Ok, the title is a little goofy…I know it is not that easy to experience bliss…on the other hand, it does not have to be that difficult either. Bliss is not a permanent state, like happiness is not a permanent state, for instance.
When you learn to meditate, at least in the traditional yogic way, you find helpful focus points to keep your mind from wandering all the time. This can be a word, your breath, a picture, a song, anything that you are comfortable with. Your mind will wander, no doubt about it, but just notice and bring the attention back to the focus point. Again and again.
This is called Dharana (in Sanskrit), the effort to keep focus on something to calm the mind down.
When you have practiced Dharana for a while (do not despair if it takes some time, that is quite normal – the good news is that being there, you are working on calming the nervous system down) you might experience that you do not have to put any effort into your focus point, you experience Dhyana. The mind is calm, and you need not to struggle to keep it there, it just is in a state of effortlessness.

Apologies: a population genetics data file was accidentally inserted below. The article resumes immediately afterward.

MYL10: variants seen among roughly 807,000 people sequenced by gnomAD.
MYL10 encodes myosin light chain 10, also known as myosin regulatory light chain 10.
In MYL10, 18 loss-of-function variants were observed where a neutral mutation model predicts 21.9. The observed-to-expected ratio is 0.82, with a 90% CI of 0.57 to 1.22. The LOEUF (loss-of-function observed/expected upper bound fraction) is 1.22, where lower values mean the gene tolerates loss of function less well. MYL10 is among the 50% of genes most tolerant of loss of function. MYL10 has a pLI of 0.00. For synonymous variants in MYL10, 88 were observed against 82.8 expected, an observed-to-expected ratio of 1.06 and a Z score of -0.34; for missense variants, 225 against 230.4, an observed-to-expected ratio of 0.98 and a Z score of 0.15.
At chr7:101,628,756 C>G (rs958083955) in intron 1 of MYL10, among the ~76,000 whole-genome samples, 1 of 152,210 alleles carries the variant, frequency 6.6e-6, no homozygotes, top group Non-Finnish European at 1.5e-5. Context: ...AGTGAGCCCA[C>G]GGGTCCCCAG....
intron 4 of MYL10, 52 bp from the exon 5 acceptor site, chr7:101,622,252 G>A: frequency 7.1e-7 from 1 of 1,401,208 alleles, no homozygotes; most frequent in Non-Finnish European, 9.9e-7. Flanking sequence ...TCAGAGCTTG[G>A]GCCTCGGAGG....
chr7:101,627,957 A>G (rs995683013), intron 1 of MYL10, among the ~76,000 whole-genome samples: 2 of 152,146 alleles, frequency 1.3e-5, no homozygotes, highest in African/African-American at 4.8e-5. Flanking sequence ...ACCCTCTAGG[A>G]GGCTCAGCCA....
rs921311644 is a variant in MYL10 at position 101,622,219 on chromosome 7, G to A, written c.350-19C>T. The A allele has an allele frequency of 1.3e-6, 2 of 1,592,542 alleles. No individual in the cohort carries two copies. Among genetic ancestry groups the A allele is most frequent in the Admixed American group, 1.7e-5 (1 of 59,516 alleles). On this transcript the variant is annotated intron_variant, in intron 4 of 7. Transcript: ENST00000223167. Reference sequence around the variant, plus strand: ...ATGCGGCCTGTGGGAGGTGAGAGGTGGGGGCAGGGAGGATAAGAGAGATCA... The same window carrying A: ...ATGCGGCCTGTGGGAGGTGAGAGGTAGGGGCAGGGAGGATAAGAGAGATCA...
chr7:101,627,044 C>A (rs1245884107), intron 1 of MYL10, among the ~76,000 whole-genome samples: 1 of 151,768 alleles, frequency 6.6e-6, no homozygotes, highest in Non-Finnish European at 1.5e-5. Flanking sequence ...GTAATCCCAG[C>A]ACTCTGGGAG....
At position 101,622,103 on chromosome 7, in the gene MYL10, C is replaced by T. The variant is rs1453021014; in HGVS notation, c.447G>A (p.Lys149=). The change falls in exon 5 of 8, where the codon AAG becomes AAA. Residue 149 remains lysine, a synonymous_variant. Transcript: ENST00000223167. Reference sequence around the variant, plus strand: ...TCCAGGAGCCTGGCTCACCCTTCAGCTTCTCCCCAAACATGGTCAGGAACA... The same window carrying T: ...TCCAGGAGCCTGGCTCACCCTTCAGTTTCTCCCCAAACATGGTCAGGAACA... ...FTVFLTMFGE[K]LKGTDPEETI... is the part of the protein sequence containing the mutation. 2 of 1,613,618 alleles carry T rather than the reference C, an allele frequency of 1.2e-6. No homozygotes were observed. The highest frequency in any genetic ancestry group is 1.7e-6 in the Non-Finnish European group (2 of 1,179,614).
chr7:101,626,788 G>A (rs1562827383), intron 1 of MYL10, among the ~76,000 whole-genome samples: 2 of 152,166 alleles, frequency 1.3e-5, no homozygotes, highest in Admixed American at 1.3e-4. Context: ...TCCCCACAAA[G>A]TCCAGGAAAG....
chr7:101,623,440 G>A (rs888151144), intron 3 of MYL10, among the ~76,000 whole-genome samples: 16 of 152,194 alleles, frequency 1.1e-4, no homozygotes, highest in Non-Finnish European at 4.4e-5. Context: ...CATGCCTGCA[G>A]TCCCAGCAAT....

Once in a while, you can experience Samadhi.
It is difficult to explain Samadhi, but you will know when you are there. You will find a feeling of bliss, in lack of a better word. You may feel that you are one with all other beings, with blissful emotions and you hold onto nothing. Someone once asked me how to get there. Well, you have to practice meditation, although you may or may not experience this state. All I can say for sure, is that if you strive to get to Samadhi, you will not get there, because striving to get there is the contrary to Samadhi.
Tonight, in Savasana at the end of my yoga class, I felt Samadhi. Just for a little while, and that is perfectly fine, because in Samadhi, there is no time, the moment is not measurable. I realized how long it has been since I had felt that.
It felt wonderful, and I take it as a sign that some of the emotional catharsis that I have experienced lately. Wonderful, that is a sign of change 🙂